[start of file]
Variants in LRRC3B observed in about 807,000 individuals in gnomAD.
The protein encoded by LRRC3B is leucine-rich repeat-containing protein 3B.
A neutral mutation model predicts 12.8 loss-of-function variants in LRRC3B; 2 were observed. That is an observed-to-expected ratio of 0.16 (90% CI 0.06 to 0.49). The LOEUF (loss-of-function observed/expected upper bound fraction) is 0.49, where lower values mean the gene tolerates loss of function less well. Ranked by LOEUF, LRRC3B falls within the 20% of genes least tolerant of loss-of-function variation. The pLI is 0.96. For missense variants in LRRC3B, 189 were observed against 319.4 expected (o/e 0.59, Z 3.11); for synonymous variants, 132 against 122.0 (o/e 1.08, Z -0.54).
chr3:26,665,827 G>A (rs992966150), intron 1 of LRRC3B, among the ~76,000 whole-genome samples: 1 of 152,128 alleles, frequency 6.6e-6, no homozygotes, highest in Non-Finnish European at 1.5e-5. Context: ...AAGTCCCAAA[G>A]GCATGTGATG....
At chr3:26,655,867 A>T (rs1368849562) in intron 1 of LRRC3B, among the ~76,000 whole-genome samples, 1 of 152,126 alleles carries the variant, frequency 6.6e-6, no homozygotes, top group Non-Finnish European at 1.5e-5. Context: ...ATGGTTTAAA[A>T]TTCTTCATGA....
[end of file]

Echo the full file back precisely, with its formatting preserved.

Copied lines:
Variants in LRRC3B observed in about 807,000 individuals in gnomAD.
The protein encoded by LRRC3B is leucine-rich repeat-containing protein 3B.
A neutral mutation model predicts 12.8 loss-of-function variants in LRRC3B; 2 were observed. That is an observed-to-expected ratio of 0.16 (90% CI 0.06 to 0.49). The LOEUF (loss-of-function observed/expected upper bound fraction) is 0.49, where lower values mean the gene tolerates loss of function less well. Ranked by LOEUF, LRRC3B falls within the 20% of genes least tolerant of loss-of-function variation. The pLI is 0.96. For missense variants in LRRC3B, 189 were observed against 319.4 expected (o/e 0.59, Z 3.11); for synonymous variants, 132 against 122.0 (o/e 1.08, Z -0.54).
chr3:26,665,827 G>A (rs992966150), intron 1 of LRRC3B, among the ~76,000 whole-genome samples: 1 of 152,128 alleles, frequency 6.6e-6, no homozygotes, highest in Non-Finnish European at 1.5e-5. Context: ...AAGTCCCAAA[G>A]GCATGTGATG....
At chr3:26,655,867 A>T (rs1368849562) in intron 1 of LRRC3B, among the ~76,000 whole-genome samples, 1 of 152,126 alleles carries the variant, frequency 6.6e-6, no homozygotes, top group Non-Finnish European at 1.5e-5. Context: ...ATGGTTTAAA[A>T]TTCTTCATGA....